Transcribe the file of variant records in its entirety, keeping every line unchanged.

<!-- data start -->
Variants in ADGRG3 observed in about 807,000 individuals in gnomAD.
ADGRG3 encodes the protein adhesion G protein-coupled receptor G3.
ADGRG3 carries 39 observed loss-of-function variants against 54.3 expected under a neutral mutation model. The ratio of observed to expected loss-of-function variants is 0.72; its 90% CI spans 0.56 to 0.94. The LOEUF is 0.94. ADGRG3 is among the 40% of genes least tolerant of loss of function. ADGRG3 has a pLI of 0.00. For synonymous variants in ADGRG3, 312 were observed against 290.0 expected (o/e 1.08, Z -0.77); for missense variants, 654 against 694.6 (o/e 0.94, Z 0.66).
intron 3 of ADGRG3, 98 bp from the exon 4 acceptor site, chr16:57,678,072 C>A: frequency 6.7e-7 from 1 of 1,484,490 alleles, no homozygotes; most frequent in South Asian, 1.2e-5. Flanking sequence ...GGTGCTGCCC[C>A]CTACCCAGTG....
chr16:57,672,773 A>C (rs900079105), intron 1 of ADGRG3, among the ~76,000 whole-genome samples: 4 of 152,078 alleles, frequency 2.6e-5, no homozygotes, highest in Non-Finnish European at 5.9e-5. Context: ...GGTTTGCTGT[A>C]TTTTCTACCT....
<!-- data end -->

Variants in ADGRG3 observed in about 807,000 individuals in gnomAD.
ADGRG3 encodes the protein adhesion G protein-coupled receptor G3.
ADGRG3 carries 39 observed loss-of-function variants against 54.3 expected under a neutral mutation model. The ratio of observed to expected loss-of-function variants is 0.72; its 90% CI spans 0.56 to 0.94. The LOEUF is 0.94. ADGRG3 is among the 40% of genes least tolerant of loss of function. ADGRG3 has a pLI of 0.00. For synonymous variants in ADGRG3, 312 were observed against 290.0 expected (o/e 1.08, Z -0.77); for missense variants, 654 against 694.6 (o/e 0.94, Z 0.66).
intron 3 of ADGRG3, 98 bp from the exon 4 acceptor site, chr16:57,678,072 C>A: frequency 6.7e-7 from 1 of 1,484,490 alleles, no homozygotes; most frequent in South Asian, 1.2e-5. Flanking sequence ...GGTGCTGCCC[C>A]CTACCCAGTG....
chr16:57,672,773 A>C (rs900079105), intron 1 of ADGRG3, among the ~76,000 whole-genome samples: 4 of 152,078 alleles, frequency 2.6e-5, no homozygotes, highest in Non-Finnish European at 5.9e-5. Context: ...GGTTTGCTGT[A>C]TTTTCTACCT....